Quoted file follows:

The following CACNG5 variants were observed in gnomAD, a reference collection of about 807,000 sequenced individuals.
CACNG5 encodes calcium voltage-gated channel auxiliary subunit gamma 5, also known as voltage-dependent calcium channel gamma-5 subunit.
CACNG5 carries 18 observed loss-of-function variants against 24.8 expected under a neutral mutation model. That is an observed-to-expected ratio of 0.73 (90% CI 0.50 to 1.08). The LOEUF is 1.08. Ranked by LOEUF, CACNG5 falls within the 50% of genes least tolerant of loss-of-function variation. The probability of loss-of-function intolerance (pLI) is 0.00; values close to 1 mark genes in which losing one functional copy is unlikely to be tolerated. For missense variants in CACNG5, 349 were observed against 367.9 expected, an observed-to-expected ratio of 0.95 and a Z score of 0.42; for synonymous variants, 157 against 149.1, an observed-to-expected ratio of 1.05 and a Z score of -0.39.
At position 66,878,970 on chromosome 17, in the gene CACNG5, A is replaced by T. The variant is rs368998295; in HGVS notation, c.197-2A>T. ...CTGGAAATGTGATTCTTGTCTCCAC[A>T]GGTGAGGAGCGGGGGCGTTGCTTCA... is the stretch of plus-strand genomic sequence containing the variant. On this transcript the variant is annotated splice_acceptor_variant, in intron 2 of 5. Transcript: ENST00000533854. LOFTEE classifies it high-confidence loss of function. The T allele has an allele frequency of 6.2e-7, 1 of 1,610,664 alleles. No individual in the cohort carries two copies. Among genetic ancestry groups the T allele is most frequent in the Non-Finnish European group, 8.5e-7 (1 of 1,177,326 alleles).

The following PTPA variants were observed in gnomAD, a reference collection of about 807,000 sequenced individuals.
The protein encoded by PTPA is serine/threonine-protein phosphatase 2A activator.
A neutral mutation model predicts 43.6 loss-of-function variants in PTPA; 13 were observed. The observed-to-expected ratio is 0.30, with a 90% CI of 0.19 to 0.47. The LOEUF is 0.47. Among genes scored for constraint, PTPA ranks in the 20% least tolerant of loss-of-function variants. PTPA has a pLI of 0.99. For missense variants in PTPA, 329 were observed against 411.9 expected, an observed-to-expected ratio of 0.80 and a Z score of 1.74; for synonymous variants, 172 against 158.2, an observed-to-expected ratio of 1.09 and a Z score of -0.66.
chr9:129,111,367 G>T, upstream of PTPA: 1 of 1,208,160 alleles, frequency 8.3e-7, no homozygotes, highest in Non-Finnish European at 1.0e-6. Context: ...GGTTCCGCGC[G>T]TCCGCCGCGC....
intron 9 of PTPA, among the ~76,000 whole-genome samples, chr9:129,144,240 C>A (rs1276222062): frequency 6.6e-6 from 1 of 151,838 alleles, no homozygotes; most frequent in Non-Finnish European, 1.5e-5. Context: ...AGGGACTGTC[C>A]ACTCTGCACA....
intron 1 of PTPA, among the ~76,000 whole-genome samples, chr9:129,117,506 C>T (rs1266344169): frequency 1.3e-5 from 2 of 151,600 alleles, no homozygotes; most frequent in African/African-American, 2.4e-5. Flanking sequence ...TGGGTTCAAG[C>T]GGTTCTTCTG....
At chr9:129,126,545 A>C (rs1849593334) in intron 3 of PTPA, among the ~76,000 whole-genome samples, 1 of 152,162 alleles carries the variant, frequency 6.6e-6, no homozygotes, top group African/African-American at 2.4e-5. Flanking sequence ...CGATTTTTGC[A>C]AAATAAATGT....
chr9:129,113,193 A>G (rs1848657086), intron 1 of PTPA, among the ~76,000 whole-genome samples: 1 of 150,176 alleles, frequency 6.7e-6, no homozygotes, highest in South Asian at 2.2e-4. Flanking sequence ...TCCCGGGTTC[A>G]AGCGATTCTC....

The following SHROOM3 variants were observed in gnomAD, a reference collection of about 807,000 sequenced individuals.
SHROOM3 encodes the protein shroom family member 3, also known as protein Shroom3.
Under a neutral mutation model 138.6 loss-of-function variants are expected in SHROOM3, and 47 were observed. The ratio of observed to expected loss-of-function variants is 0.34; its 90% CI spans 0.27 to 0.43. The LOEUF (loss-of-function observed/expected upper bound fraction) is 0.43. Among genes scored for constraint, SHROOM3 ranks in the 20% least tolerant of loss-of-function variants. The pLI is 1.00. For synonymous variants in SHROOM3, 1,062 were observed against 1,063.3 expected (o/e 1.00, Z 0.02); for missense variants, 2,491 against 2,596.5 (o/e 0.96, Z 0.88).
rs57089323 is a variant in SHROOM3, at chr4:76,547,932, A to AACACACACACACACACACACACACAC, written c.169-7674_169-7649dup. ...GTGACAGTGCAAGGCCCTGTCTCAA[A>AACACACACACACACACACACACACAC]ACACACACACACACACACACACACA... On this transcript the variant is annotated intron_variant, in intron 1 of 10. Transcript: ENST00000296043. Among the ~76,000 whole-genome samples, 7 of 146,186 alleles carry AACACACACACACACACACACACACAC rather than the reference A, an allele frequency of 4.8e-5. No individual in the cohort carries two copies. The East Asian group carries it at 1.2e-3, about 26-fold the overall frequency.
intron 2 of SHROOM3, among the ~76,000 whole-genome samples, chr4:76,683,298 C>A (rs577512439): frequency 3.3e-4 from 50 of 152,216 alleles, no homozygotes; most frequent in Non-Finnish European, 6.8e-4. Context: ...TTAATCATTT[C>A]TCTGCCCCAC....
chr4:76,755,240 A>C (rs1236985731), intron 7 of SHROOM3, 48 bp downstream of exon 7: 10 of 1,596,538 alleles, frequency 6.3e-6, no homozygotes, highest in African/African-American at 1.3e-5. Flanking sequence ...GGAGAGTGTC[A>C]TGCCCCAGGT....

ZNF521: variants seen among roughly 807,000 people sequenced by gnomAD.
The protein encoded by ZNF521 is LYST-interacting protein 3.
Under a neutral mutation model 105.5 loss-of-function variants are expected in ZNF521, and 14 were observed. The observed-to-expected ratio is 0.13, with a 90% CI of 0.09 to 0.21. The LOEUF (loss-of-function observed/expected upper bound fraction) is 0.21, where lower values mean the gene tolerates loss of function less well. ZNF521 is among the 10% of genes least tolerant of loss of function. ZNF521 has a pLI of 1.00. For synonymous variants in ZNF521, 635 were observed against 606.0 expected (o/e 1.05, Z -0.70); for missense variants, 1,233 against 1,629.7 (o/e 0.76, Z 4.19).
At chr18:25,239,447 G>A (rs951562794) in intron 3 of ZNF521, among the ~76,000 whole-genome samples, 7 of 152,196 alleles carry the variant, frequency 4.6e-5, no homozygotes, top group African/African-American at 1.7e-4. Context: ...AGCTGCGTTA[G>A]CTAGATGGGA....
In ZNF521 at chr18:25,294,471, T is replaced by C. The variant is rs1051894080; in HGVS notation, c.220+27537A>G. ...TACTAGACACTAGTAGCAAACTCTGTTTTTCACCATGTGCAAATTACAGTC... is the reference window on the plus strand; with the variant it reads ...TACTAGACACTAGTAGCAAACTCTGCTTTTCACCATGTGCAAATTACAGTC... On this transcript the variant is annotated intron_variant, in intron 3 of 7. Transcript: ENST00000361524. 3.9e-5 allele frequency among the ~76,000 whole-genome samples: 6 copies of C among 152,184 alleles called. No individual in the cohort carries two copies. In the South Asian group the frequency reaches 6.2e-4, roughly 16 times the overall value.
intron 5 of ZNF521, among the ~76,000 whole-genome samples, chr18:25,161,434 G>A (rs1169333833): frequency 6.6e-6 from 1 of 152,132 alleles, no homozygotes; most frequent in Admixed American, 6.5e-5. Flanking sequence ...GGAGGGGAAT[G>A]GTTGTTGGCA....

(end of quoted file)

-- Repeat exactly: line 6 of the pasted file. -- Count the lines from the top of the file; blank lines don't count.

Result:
The protein encoded by PTPA is serine/threonine-protein phosphatase 2A activator.